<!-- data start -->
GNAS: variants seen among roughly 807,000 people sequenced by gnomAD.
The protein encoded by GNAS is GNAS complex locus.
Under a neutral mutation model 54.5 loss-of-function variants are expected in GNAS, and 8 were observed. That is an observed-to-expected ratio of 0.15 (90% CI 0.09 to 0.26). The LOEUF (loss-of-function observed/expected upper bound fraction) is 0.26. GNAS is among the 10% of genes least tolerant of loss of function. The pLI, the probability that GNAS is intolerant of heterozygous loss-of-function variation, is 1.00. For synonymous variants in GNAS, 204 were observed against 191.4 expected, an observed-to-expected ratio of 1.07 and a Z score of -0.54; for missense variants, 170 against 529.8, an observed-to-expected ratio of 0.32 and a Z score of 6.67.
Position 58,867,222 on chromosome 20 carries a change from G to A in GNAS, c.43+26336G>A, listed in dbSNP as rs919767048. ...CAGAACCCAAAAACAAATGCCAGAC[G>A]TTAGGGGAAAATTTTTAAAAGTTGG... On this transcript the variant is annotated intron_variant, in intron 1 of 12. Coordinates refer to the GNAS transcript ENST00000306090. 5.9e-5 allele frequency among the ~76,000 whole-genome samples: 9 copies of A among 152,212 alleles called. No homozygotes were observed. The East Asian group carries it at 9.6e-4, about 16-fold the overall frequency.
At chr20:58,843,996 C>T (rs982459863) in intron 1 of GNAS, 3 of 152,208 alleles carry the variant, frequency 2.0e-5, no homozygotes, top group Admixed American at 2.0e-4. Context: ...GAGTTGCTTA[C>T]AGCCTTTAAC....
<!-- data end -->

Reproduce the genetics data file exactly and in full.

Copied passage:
GNAS: variants seen among roughly 807,000 people sequenced by gnomAD.
The protein encoded by GNAS is GNAS complex locus.
Under a neutral mutation model 54.5 loss-of-function variants are expected in GNAS, and 8 were observed. That is an observed-to-expected ratio of 0.15 (90% CI 0.09 to 0.26). The LOEUF (loss-of-function observed/expected upper bound fraction) is 0.26. GNAS is among the 10% of genes least tolerant of loss of function. The pLI, the probability that GNAS is intolerant of heterozygous loss-of-function variation, is 1.00. For synonymous variants in GNAS, 204 were observed against 191.4 expected, an observed-to-expected ratio of 1.07 and a Z score of -0.54; for missense variants, 170 against 529.8, an observed-to-expected ratio of 0.32 and a Z score of 6.67.
Position 58,867,222 on chromosome 20 carries a change from G to A in GNAS, c.43+26336G>A, listed in dbSNP as rs919767048. ...CAGAACCCAAAAACAAATGCCAGAC[G>A]TTAGGGGAAAATTTTTAAAAGTTGG... On this transcript the variant is annotated intron_variant, in intron 1 of 12. Coordinates refer to the GNAS transcript ENST00000306090. 5.9e-5 allele frequency among the ~76,000 whole-genome samples: 9 copies of A among 152,212 alleles called. No homozygotes were observed. The East Asian group carries it at 9.6e-4, about 16-fold the overall frequency.
At chr20:58,843,996 C>T (rs982459863) in intron 1 of GNAS, 3 of 152,208 alleles carry the variant, frequency 2.0e-5, no homozygotes, top group Admixed American at 2.0e-4. Context: ...GAGTTGCTTA[C>T]AGCCTTTAAC....